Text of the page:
The Internet speed determines how fast your connection can transmit data packets. A higher connection speed lets you transmit data faster, thus lowering your ping rate (latency).

But a higher ping rate doesn’t necessarily imply a slower Internet connection. A few other important factors affect the ping time as well.

Distance between your device and the host server

The physical distance between your device and the host (game or application server) also affects ping rate; the farther the distance, the more time it takes for a data packet to complete the roundtrip, hence, the higher the ping time.

For example, if you’re using SpeedTest.net on your computer or mobile device, the ping rate it calculates will be based on the roundtrip time taken between your device and (usually) the nearest SpeedTest.net server.

Distance between your device and the host server

Pick a different server location (using the Change Server option) and you’ll notice that the ping rate is always different depending on the server you choose, for the same Internet connection.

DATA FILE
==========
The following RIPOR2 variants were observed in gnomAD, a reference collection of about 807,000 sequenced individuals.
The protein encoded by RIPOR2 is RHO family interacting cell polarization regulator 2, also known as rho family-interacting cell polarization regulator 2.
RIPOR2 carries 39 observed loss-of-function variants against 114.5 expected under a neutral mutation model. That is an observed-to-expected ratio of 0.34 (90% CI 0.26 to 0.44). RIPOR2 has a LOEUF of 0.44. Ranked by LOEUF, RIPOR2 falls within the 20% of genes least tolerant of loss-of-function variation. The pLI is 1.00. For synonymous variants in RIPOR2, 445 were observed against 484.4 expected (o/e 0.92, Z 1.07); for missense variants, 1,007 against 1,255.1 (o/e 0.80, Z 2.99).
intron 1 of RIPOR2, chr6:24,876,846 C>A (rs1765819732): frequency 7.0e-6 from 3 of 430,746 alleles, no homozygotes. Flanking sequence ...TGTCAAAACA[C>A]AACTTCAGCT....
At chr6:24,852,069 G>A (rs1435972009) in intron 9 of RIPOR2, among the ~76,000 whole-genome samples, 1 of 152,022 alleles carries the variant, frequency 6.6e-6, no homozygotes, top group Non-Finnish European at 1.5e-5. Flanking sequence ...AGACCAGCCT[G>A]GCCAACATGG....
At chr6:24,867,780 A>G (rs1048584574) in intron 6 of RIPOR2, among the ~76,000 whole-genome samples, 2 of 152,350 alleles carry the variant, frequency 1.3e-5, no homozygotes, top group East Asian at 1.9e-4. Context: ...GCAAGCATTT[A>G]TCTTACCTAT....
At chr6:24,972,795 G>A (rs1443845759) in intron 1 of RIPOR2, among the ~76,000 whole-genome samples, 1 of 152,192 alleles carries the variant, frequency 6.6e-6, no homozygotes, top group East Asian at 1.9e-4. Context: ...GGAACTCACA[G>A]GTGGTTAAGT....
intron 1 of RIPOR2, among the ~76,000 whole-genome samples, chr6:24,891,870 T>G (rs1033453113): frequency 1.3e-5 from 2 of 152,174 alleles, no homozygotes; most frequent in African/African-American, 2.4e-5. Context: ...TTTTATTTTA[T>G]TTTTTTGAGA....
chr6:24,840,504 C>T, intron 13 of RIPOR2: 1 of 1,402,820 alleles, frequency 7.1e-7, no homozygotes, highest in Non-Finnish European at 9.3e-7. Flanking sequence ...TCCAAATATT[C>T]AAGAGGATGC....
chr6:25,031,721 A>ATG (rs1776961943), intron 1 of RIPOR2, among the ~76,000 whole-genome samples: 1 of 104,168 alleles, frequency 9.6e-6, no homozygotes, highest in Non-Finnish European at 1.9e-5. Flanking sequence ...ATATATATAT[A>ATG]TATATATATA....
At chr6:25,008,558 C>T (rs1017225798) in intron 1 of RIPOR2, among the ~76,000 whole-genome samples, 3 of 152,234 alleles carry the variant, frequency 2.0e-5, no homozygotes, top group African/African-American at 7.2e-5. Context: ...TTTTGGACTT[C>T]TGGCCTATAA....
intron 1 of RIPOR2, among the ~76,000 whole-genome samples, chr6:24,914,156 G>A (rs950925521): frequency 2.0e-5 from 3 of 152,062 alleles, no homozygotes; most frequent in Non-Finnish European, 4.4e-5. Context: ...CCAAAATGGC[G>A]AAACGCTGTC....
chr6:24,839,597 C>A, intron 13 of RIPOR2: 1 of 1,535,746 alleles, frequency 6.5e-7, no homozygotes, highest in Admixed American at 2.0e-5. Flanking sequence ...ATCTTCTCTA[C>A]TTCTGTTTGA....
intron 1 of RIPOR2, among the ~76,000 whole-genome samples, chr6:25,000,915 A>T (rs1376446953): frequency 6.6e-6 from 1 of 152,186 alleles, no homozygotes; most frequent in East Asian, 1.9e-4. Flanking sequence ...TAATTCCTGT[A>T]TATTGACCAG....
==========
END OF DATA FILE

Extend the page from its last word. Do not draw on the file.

Similarly, if you choose a different speed test tool, like Fast.com, or Cloudflare’s speed test utility, you may find that the calculated ping rates are different yet again.

This is because, in each of these scenarios, you’re testing the ping for different hosts (servers), situated in different locations around the world.

Network Congestion

The ping rate or latency can also increase when there’s congestion in the network. Here, there are two possible scenarios for network congestion.

  • Congestion in User’s Network – This can happen when other devices on your network are simultaneously engaged in high-bandwidth activities, like streaming Netflix or playing online games, etc.
    Note: Network congestion may also occur if your ISP’s network is oversubscribed in your area, thus affecting the ping rate.
  • Congestion in Host Network – This can happen when the host server is handling peak simultaneous loads.

In both cases, your router or the host faces difficulty in handling traffic and takes more time to process each request. Thus, the roundtrip time for each data packet is also delayed, increasing the ping time.

Wi-Fi Interference